Employers may “use the results of” the drug test—which must include the physical evaluation by the WIRE—when “determining the appropriate employment action concerning the employee, including, but not limited to dismissal, suspension, demotion, or other disciplinary action.”
The above-described employment provisions of NJCREAMMA will not be immediately enforceable. Section 87 of the law provides that these provisions will “take effect immediately” but “shall only become operative upon adoption of the [Cannabis Regulatory Commission’s] initial rules and regulations” in accordance with Section 6.d(1)(a) of the law. Those initial rules and regulations are to be issued within 180 days following the enactment of NJCREAMMA as law or 45 days from the appointment of all five members of the Cannabis Regulatory Commission, whichever is later.
No Express Private Right of Action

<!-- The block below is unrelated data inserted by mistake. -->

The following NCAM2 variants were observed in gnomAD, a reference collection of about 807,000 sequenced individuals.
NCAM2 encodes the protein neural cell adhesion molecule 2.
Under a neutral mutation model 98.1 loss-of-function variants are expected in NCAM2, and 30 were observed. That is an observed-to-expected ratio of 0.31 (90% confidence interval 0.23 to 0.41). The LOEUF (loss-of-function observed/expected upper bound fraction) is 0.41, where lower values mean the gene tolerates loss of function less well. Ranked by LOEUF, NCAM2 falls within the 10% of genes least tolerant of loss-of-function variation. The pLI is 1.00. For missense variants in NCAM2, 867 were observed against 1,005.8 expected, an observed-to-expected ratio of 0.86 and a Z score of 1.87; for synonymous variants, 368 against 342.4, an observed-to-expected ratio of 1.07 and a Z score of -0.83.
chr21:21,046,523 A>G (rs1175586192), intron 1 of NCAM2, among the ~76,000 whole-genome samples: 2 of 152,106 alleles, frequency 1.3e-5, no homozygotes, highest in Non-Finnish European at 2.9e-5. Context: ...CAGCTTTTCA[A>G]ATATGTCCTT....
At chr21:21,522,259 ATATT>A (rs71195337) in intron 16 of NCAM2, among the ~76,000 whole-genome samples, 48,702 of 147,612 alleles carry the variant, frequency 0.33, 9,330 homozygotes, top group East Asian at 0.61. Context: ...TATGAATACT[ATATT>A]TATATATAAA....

The law does not contain an express private right of action. That silence likely will lead to litigation regarding whether an implied right of action exists under the three-part test adopted in R. J. Gaydos Ins. Agency v. Nat’l Consumer Ins. Co., 168 N.J. 255, 271 (2001): “To determine if a statute confers an implied private right of action, courts consider whether: (1) plaintiff is a member of the class for whose special benefit the statute was enacted; (2) there is any evidence that the Legislature intended to create a private right of action under the statute; and (3) it is consistent with the underlying purposes of the legislative scheme to infer the existence of such a remedy.”